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‘Huge threat’ to vulnerable children

A bill which would allow local authorities to drop their child protection duties represents a “huge threat” to vulnerable children, a charity has warned.

Currently, every local authority must obey the Children Act 1989 which states that they have a duty to safeguard and promote the wellbeing of children in their area. As part of this duty, local councils must investigate possible instances of ‘serious harm’, provide somewhere for looked after children to live and appoint people to represent the best interests of children in care.

However, Clause 15 of the Children and Social Work Bill, which is currently in the House of Lords, would create the possibility for some local authorities to legally abandon these responsibilities. In order to secure such an exemption, a council’s application would first have to be approved by the Secretary of State after consulting with the children’s commissioner and Ofsted’s chief inspector.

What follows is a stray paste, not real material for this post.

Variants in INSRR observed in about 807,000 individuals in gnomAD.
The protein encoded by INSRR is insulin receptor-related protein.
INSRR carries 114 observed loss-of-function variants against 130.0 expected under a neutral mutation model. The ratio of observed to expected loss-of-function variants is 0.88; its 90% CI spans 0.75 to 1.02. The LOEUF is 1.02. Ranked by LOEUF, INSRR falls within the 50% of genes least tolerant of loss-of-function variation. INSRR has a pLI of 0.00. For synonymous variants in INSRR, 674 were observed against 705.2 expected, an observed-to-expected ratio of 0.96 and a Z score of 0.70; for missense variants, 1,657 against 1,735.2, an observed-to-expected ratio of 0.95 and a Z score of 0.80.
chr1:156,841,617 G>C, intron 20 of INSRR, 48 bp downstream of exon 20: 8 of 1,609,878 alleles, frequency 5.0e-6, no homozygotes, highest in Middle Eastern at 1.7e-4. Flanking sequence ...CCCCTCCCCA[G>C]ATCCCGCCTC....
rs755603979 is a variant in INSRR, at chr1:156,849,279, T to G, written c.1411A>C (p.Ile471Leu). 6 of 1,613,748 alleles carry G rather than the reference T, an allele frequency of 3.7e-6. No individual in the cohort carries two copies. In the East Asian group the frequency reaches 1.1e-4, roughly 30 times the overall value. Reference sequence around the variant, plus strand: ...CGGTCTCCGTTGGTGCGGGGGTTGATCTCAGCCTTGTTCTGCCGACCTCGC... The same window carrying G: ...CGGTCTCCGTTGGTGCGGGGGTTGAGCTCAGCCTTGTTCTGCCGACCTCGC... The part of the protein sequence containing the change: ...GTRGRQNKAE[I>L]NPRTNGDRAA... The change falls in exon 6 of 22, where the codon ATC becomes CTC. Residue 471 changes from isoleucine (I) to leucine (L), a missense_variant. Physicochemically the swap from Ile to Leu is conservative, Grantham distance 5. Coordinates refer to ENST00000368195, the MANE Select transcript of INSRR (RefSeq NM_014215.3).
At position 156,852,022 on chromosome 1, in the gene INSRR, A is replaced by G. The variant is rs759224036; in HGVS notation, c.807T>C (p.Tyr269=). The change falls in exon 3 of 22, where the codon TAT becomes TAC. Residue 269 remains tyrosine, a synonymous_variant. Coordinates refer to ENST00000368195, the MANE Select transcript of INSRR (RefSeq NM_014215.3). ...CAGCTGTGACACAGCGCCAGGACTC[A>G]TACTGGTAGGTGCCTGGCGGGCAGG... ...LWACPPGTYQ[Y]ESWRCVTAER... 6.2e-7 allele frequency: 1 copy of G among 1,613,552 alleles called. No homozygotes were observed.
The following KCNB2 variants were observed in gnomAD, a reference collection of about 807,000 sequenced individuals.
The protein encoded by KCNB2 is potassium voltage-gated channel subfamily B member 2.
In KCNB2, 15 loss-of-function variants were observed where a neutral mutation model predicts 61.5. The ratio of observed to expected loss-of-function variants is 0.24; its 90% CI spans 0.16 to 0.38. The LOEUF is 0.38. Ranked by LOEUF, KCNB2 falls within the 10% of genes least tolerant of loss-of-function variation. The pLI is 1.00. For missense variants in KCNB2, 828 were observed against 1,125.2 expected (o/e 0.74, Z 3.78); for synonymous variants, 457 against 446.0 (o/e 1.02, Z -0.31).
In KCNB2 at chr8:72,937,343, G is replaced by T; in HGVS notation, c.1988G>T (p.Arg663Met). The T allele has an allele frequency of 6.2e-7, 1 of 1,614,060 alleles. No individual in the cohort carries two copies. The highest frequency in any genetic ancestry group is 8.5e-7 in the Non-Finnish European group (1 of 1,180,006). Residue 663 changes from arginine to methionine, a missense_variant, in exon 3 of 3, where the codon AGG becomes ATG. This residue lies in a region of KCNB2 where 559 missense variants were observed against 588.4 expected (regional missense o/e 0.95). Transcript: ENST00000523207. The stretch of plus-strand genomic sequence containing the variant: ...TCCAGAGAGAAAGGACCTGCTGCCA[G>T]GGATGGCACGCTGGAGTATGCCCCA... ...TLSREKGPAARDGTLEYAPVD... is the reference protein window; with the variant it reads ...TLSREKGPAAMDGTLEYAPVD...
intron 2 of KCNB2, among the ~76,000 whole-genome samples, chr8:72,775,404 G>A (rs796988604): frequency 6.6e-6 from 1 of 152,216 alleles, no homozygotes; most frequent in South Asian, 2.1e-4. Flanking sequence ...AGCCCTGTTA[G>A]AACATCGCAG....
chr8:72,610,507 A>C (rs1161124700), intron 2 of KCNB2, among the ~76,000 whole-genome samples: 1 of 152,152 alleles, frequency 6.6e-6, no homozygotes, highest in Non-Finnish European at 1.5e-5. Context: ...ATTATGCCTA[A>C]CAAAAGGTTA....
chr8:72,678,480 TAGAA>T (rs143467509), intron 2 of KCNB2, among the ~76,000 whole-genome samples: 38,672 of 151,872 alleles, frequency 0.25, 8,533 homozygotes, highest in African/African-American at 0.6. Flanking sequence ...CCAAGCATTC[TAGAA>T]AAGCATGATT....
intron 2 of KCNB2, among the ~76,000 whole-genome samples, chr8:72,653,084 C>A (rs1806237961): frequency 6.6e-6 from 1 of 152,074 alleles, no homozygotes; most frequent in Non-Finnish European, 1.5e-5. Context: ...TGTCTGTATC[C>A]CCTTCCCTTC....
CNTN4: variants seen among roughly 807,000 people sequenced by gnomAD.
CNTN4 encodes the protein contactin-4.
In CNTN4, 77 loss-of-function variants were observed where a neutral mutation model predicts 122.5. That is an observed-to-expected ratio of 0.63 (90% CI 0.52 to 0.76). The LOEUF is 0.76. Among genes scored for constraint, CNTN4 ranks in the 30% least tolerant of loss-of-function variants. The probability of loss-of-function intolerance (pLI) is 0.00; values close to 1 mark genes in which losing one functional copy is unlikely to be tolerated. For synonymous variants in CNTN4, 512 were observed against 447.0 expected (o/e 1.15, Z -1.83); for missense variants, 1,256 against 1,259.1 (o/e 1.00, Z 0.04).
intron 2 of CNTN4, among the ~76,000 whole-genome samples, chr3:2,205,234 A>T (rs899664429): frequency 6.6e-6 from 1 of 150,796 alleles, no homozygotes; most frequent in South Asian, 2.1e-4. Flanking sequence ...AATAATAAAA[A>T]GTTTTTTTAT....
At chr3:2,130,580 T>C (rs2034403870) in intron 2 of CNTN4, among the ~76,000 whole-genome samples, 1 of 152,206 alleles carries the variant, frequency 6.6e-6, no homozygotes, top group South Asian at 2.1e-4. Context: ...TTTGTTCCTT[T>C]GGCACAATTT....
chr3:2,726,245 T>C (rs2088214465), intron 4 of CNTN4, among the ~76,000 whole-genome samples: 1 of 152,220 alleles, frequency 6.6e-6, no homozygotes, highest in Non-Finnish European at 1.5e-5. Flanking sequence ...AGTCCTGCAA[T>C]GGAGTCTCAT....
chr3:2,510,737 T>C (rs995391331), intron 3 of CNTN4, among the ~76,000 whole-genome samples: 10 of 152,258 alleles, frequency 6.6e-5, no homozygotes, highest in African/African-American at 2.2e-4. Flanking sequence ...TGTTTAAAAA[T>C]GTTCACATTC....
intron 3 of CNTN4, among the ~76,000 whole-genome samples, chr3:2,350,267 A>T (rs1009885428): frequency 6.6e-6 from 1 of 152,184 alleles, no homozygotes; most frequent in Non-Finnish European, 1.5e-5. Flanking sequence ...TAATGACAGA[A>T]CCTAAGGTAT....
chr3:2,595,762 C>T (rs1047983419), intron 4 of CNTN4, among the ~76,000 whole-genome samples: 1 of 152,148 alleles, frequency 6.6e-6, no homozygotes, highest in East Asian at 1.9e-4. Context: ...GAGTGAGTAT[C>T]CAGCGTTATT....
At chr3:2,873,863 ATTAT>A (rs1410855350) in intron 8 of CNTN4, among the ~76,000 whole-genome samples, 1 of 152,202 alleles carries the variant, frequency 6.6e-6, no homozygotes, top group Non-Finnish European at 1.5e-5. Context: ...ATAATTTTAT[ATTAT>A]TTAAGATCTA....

The wording of the bill states that this exemption is designed to give councils the opportunity to “test different ways of working [towards] better outcomes under children’s social care legislation or achieving the same outcomes more efficiently”.

However, members of children’s rights charity Article 39 have not been convinced. Director Carolyne Willow claimed that the bill and, more specifically, Clause 15, has demonstrated that the government “is prepared to surrender hundreds of protections and entitlements that have developed over the past quarter century to keep children safe”.

She condemned the possibility that some local authorities will be “excused from meeting any of their legal obligations” to needy children.

Read the full text of the Children and Social Work Bill here.

The blog team at Stowe is a group of writers based across our family law offices who share their advice on the wellbeing and emotional aspects of divorce or separation from personal experience. As well as pieces from our family law solicitors, guest contributors also regularly contribute to share their knowledge.

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